Nolen seizes the grand camp tradition of Adam West and Burt Ward (thank you, 1960s television!) with both hands, as her finger puppets bring to life a history of Batman and Robin that was frequently far more text than subtext, even in the comics (as Batman author Grant Morrison has pointed out). Moe Meyer’s famous definition of camp as queer parody (1994)—a praxis whereby queer artists (re)present popular culture with a critical twist—perfectly encapsulates Nolen’s flawless performance. The heroic lovers are briefly interrupted when the “bomb” rings and they both freak out, but they quickly recover upon realizing that the object is not, in fact, a bomb. (Sometimes a timer is just a timer.) Batman gallantly pushes the timer off the edge of the stage and then slowly goes down on Robin, causing them both to disappear below the rooftop. Nolen’s pitch-perfect wordless puppetry, the extravagant reactions of Batman and Robin, the explicit homoeroticism (can finger puppets be graphic?), and the finger puppets themselves—that so wonderfully mimic (queer parody!) the wholesomeness of both the sixties TV show and the post–Comics Code Authority comics—all unite to create a performance that seems silly and yet critiques the ways in which popular culture depicts sex and sexuality. As a society, we measure both sex and sexuality with fear-inducing capital XXXs, treating them as a bomb ready to go off at any moment rather than wholesome aspects of humanity that will eventually “ring,” in spite of all attempts at suppression.

While Nolen’s performance utilized a puppetry style usually assumed to be for children’s theater in a piece decidedly not for children, Little Uprisings’s Tanya Nixon-Silberg (from Boston) performed her children’s theater piece, “Five Protesting Kids,” which was engaging and interactive even for adults. Explaining that she started with the concept of the Black Power fist, wondering how to utilize it in a puppet performance, Nixon-Silberg’s ingenious idea was to start with a cardboard hand. As she sang her song about five protesting kids, she folded down a finger every time a child stood up for an issue they believed in. At the end, she was left with the power fist and, in addition to the five protesting kids from the song, all children who work to promote equity and support Black Lives Matter. The performance clearly teaches children how to measure their participation in activism both literally (by counting) and figuratively through the realization that the more people there are who are willing to stand up and be counted, the more support they will find. The all-adult NBS audience joined in the chorus immediately after the first verse, demonstrating that the performance worked just as well with adults as with children—at least, when the adults are an enthusiastic Chicago theater audience.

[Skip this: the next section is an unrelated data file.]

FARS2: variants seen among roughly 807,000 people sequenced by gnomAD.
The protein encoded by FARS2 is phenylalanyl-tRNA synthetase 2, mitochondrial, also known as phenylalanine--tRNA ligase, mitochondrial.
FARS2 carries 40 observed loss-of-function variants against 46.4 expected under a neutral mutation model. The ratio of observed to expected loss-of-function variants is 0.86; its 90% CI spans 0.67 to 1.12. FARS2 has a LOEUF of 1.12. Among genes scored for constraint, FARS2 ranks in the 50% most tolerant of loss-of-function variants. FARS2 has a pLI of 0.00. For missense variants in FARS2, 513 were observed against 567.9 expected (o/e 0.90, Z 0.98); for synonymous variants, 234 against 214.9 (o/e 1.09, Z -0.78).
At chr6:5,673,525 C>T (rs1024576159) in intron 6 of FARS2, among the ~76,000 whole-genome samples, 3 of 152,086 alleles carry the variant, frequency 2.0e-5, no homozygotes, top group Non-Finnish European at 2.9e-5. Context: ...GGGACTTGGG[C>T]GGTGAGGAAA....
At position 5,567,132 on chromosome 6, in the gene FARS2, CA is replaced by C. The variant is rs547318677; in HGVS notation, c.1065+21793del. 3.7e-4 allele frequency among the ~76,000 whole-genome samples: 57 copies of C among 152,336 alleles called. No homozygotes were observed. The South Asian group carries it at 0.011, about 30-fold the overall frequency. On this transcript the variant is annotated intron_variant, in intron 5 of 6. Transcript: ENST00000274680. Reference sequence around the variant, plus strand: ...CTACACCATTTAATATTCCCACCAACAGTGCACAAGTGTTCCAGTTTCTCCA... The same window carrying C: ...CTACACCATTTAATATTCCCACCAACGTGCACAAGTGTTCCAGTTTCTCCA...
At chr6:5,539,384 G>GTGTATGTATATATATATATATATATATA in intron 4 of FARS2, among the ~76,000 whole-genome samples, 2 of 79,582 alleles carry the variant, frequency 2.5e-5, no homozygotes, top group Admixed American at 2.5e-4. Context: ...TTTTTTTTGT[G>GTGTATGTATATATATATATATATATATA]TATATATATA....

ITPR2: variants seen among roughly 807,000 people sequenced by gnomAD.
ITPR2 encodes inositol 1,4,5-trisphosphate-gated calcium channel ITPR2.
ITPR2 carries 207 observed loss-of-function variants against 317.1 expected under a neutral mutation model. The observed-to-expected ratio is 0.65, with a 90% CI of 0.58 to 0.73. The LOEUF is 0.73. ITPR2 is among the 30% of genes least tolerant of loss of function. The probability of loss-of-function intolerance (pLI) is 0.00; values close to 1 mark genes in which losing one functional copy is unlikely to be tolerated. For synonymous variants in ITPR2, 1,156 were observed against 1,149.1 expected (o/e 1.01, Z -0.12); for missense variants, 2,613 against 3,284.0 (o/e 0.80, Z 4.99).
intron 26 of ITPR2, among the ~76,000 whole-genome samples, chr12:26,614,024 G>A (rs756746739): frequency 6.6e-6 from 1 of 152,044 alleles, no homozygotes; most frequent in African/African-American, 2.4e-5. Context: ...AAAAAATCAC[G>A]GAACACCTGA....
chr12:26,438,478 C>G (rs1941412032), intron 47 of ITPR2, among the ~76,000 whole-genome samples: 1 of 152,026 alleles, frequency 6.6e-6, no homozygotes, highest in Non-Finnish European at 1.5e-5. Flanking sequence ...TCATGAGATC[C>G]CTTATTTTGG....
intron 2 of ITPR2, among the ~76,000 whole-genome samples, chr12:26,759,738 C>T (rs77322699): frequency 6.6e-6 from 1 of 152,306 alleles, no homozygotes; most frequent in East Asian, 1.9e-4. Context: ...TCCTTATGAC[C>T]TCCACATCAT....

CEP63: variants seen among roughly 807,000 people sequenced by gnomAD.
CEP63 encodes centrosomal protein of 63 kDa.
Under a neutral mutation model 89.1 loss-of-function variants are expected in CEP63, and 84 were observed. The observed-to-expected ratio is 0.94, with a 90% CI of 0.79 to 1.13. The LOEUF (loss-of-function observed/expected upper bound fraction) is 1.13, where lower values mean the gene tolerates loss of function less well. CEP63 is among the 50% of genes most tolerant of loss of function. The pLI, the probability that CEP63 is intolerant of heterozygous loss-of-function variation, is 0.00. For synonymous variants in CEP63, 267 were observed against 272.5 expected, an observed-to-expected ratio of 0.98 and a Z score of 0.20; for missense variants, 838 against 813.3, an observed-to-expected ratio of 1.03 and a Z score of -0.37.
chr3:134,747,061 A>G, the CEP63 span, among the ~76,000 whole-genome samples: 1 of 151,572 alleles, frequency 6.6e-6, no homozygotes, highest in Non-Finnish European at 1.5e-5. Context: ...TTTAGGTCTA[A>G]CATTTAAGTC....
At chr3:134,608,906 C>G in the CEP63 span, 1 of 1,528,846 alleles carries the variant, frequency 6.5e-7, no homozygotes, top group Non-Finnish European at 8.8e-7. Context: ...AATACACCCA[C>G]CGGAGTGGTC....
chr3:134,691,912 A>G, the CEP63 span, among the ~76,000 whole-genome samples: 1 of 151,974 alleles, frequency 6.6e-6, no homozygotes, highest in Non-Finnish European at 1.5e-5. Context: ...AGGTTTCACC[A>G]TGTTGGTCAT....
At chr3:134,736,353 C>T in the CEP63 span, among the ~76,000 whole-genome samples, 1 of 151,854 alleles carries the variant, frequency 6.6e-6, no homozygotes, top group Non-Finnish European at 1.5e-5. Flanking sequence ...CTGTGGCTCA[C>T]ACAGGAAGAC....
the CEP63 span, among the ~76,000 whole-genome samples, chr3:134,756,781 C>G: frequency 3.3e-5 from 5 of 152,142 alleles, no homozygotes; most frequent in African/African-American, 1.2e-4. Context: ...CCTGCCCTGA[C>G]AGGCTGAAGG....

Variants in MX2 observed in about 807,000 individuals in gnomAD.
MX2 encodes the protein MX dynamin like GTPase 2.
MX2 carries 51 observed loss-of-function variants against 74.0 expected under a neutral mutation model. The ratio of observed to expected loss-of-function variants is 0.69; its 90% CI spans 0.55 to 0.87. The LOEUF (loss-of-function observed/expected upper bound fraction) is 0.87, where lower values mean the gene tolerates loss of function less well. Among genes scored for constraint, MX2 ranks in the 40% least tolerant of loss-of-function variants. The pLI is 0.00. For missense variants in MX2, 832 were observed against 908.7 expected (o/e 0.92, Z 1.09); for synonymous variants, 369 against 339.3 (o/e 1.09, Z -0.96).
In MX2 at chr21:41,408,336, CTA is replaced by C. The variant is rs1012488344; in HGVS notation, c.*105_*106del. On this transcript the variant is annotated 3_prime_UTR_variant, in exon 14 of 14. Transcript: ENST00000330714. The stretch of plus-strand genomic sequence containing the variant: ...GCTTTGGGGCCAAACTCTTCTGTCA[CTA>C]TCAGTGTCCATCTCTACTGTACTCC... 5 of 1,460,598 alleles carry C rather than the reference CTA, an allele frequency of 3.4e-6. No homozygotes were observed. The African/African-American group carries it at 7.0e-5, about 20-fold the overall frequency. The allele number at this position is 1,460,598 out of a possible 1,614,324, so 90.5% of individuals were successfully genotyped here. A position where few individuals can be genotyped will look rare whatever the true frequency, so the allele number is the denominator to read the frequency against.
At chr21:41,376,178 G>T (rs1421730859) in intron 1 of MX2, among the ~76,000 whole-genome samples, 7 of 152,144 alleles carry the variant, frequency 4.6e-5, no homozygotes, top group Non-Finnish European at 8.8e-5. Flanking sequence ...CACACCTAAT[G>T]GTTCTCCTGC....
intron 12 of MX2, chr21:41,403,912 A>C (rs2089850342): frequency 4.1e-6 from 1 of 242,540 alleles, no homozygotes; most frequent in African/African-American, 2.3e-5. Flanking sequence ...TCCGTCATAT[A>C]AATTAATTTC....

The simple but inevitable passage of time was the subject of the next presentation, a short film Silvita y el Invierno by Coriolis Teatro de Objetos (from Montevideo, Uruguay). The piece stars Silvita, “an old woman who fights against the inevitable…arrival of winter” and who, despite being a hand-and-rod puppet, has more to her than meets the eye. At the beginning, she is sweeping while the sun is in the sky, but the sun is almost immediately covered by a cloud. She threatens the cloud with her broom and it moves, but whenever Silvita stops paying attention, the cloud moves back over the sun (and sometimes the sun moves behind the cloud). Finally, Silvita mounts her broom and takes off, chasing the cloud around the sky. The cloud not only evades her but multiplies, and eventually Silvita is back on the ground with her broom, shivering and wearing a woolen hat and scarf while the multiple clouds snow on her. The piece reminds us that as uncomfortable as certain times can be, we need to experience them. There can be no summer without winter; we measure years by the seasons. Even a witch cannot stop winter—nor presumably her own relentless aging.

The final performance of the night—a shadow-puppet piece by Theatre Nobody (of Chicago) and Kevin Michael Wesson—critiqued the ways we measure success. The piece is a selection from Where We Go Together or The Flashlight Play, Theatre Nobody’s touring show. The performance began in the dark with loud music and flashlights before settling into a shadow-puppet play about a bee whose friends tell her that her honey is so good that she should try to sell it. She tries to market her honey to a black bear, to fire ants, and to a butterfly, but none of them want to try it. Each time she cuts her prices for the next customer, eventually trying to give it away for free, but no one is willing to sample honey from an unfamiliar local supplier rather than a (recognizably corporate) name brand. In the end, Bee decides that her honey should remain a special treat for her friends, who appreciate both it and her. Given the apparent heavy-handedness of the message throughout the show as each animal refuses to try Bee’s local homemade honey because it’s not the major brand that they already know, I assumed that the ending would also contain a message. The revelation that friendship is better than money was not the anti-capitalist sentiment I was hoping for, given the narrative setup. Nor did this conclusion seem particularly satisfying for Bee—it seemed more of a surrender than a solution. Perhaps after the intricacies of “Full Measures” and “Trurl’s Electronic Bard,” the activism of “Five Protesting Kids,” the beautiful simplicity of Silvita y el Invierno, and the deceptive simplicity of the social critique in “Time’s Up,” my own ability to measure meaning was slightly off.